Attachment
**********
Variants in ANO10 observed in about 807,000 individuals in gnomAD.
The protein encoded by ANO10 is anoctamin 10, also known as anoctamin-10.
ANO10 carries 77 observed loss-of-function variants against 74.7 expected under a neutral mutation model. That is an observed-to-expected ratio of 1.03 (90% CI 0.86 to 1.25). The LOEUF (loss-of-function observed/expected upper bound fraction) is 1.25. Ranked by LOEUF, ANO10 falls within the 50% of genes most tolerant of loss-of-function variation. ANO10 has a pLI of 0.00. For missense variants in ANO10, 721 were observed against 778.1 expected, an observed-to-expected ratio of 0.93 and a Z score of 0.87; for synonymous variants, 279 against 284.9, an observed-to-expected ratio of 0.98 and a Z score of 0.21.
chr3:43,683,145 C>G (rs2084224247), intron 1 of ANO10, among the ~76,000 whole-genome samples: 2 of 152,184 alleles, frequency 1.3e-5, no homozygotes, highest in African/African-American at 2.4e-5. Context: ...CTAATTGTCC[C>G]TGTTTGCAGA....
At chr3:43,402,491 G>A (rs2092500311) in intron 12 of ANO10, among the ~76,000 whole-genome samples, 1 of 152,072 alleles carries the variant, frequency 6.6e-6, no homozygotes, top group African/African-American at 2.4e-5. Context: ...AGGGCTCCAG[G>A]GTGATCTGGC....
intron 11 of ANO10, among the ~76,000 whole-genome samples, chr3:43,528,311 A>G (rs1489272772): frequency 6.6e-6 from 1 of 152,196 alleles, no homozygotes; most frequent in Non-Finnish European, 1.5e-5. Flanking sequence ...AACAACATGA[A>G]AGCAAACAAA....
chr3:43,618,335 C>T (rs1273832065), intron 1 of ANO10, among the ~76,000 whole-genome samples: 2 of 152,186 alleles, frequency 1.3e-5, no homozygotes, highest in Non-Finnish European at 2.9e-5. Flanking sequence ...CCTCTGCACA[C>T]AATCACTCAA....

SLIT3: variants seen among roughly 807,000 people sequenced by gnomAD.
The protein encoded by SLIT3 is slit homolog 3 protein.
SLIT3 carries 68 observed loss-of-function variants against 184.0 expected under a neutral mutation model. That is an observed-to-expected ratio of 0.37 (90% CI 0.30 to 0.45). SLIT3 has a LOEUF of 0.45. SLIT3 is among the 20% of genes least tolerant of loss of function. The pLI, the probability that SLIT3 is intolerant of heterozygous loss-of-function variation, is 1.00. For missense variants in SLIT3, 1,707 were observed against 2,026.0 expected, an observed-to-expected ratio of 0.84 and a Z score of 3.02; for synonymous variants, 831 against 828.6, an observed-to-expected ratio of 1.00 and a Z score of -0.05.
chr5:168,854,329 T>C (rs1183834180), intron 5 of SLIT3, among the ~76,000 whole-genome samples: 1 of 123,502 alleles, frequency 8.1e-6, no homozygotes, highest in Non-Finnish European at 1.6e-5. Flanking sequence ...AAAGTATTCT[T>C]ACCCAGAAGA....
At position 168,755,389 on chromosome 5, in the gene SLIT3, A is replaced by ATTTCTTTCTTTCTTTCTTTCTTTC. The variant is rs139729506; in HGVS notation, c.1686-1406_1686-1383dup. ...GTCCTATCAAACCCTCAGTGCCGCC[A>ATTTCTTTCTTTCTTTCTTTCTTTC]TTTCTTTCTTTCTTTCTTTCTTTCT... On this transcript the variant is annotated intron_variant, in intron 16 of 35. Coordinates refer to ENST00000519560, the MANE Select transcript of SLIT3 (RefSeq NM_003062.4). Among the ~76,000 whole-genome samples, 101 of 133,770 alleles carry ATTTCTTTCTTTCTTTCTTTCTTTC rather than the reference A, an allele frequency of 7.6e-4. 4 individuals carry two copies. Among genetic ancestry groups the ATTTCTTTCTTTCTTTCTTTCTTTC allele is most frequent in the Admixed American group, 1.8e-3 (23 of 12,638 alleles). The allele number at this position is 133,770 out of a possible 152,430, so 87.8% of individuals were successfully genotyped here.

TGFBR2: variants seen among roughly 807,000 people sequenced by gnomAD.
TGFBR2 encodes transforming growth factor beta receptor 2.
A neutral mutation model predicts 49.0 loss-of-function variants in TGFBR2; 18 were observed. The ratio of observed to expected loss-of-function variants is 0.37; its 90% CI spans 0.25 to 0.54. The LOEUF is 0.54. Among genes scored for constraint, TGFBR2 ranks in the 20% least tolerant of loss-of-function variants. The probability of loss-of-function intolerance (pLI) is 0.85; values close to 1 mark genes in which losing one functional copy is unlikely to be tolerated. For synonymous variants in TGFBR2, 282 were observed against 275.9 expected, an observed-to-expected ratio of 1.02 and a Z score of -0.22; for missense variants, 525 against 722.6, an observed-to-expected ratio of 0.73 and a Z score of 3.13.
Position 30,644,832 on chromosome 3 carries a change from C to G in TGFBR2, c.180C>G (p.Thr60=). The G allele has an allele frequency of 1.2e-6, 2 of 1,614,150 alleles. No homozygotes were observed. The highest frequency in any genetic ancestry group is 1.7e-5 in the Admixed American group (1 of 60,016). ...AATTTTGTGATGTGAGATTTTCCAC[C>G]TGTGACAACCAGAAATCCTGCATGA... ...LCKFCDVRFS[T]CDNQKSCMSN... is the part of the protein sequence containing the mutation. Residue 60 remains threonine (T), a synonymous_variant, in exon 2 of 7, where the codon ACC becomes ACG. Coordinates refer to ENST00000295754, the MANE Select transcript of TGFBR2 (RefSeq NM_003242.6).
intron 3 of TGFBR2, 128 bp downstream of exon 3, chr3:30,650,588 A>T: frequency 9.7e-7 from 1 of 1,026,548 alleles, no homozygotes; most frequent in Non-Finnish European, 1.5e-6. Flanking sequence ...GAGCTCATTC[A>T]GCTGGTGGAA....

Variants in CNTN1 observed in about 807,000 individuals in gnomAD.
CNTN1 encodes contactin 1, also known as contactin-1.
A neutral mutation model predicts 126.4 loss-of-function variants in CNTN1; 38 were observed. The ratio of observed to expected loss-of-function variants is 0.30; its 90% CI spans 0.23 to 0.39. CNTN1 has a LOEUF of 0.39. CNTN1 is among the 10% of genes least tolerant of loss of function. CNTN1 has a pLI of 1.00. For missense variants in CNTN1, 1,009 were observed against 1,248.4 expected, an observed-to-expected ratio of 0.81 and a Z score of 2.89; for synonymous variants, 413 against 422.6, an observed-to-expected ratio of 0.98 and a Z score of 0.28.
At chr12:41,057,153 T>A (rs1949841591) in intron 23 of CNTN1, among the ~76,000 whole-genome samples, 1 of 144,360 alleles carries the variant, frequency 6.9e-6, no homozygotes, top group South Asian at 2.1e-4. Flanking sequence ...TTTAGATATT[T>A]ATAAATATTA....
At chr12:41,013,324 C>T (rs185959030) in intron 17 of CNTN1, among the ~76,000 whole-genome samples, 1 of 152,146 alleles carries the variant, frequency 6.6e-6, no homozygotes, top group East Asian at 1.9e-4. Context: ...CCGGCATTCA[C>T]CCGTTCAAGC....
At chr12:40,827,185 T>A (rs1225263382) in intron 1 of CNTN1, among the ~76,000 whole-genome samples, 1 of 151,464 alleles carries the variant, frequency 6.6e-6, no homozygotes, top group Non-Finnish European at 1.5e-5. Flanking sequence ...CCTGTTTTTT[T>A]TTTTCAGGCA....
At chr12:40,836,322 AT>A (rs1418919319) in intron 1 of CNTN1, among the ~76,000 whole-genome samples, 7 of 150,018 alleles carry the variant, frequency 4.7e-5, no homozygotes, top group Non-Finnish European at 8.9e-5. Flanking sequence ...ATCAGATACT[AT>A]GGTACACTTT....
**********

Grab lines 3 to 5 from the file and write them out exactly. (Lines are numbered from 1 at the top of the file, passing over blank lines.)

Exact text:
ANO10 carries 77 observed loss-of-function variants against 74.7 expected under a neutral mutation model. That is an observed-to-expected ratio of 1.03 (90% CI 0.86 to 1.25). The LOEUF (loss-of-function observed/expected upper bound fraction) is 1.25. Ranked by LOEUF, ANO10 falls within the 50% of genes most tolerant of loss-of-function variation. ANO10 has a pLI of 0.00. For missense variants in ANO10, 721 were observed against 778.1 expected, an observed-to-expected ratio of 0.93 and a Z score of 0.87; for synonymous variants, 279 against 284.9, an observed-to-expected ratio of 0.98 and a Z score of 0.21.
chr3:43,683,145 C>G (rs2084224247), intron 1 of ANO10, among the ~76,000 whole-genome samples: 2 of 152,184 alleles, frequency 1.3e-5, no homozygotes, highest in African/African-American at 2.4e-5. Context: ...CTAATTGTCC[C>G]TGTTTGCAGA....
At chr3:43,402,491 G>A (rs2092500311) in intron 12 of ANO10, among the ~76,000 whole-genome samples, 1 of 152,072 alleles carries the variant, frequency 6.6e-6, no homozygotes, top group African/African-American at 2.4e-5. Context: ...AGGGCTCCAG[G>A]GTGATCTGGC....